Online gender-based violence can have serious consequences for the mental health and wellbeing of those affected, and the constant threat of harassment, coupled with the potential for public shaming, can create a hostile online environment. As the U.S. Strategy and National Action Plan on Women, Peace and Security notes, TFGBV “disincentivizes women from engaging in political discussions both online and offline, which, in turn, impacts the stability of democracy.” In addition, a UN report found that “30% of women journalists in a global survey responded to online violence by self-censoring their journalism on social media, while 20% reported withdrawing from all online interaction.”

In response, Dexis recommends a two-pronged approach to address TFGBV—harnessing the power of AI paired with good, old-fashioned human effort.

Tech Fights Back

When harnessed correctly, AI has the powerful potential to prevent, respond to, and even document TFGBV. As noted, TFGBV is challenging to measure accurately given underreporting but also due to varying definitions of online violence and the rapidly changing nature of technology.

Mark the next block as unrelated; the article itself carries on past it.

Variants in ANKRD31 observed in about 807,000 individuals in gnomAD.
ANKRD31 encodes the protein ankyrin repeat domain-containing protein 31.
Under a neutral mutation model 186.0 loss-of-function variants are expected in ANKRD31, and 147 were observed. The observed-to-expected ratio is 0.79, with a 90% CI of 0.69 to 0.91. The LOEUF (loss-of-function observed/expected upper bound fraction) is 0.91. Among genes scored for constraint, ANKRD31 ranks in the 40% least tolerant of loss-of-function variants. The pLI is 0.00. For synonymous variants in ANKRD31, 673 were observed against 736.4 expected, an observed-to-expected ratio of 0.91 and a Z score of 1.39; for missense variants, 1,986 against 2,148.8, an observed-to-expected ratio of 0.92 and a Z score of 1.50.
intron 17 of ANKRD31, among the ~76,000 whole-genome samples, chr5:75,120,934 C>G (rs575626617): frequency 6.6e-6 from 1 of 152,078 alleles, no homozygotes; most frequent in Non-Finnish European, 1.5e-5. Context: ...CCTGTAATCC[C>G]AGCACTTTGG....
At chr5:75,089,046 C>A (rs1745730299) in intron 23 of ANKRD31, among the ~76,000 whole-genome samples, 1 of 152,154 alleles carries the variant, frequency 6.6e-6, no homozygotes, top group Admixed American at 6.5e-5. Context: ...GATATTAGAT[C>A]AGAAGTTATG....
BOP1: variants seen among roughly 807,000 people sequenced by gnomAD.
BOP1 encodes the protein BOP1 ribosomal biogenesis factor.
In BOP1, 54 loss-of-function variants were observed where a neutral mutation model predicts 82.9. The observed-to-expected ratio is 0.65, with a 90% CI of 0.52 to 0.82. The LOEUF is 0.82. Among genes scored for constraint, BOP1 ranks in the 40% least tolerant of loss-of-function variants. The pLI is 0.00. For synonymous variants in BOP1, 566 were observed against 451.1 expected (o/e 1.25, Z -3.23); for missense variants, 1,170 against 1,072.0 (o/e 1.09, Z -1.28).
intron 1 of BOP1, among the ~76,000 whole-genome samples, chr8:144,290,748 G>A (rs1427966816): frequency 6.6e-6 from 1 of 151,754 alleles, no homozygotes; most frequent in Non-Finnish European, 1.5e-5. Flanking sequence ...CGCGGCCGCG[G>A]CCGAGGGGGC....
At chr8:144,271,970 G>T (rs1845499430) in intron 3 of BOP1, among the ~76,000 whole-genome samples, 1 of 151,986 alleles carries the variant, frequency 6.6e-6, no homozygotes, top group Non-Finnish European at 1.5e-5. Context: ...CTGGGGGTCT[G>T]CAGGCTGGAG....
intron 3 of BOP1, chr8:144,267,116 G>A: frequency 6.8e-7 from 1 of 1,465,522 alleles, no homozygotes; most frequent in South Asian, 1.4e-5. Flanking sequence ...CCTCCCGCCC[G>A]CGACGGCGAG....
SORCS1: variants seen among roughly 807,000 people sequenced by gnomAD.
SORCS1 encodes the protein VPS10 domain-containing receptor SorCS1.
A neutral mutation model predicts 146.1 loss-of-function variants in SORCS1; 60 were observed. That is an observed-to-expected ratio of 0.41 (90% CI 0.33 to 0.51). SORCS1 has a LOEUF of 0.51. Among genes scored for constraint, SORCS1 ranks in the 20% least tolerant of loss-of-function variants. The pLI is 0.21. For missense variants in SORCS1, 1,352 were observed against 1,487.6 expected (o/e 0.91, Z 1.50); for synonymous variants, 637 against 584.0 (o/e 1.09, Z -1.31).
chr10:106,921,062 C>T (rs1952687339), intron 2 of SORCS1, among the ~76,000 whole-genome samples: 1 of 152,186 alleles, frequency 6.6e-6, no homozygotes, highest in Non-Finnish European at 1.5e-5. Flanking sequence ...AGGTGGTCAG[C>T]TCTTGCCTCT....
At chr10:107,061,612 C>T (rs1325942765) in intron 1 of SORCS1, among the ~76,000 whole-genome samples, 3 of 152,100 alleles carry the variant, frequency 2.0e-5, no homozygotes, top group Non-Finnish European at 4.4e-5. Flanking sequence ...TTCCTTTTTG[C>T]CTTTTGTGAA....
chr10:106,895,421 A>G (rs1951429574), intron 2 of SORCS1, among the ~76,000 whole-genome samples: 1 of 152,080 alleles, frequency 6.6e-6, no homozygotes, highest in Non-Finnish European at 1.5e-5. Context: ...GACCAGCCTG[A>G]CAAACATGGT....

As one report states, “AI can analyze vast datasets to identify patterns, risk factors, and trends associated with violence against women, aiding in evidence-based policy development and intervention strategies.” Similarly, using machine learning, AI can analyze behavior, social media messages, and emergency phone calls as a form of early detection and can be instrumental in employing early interventions.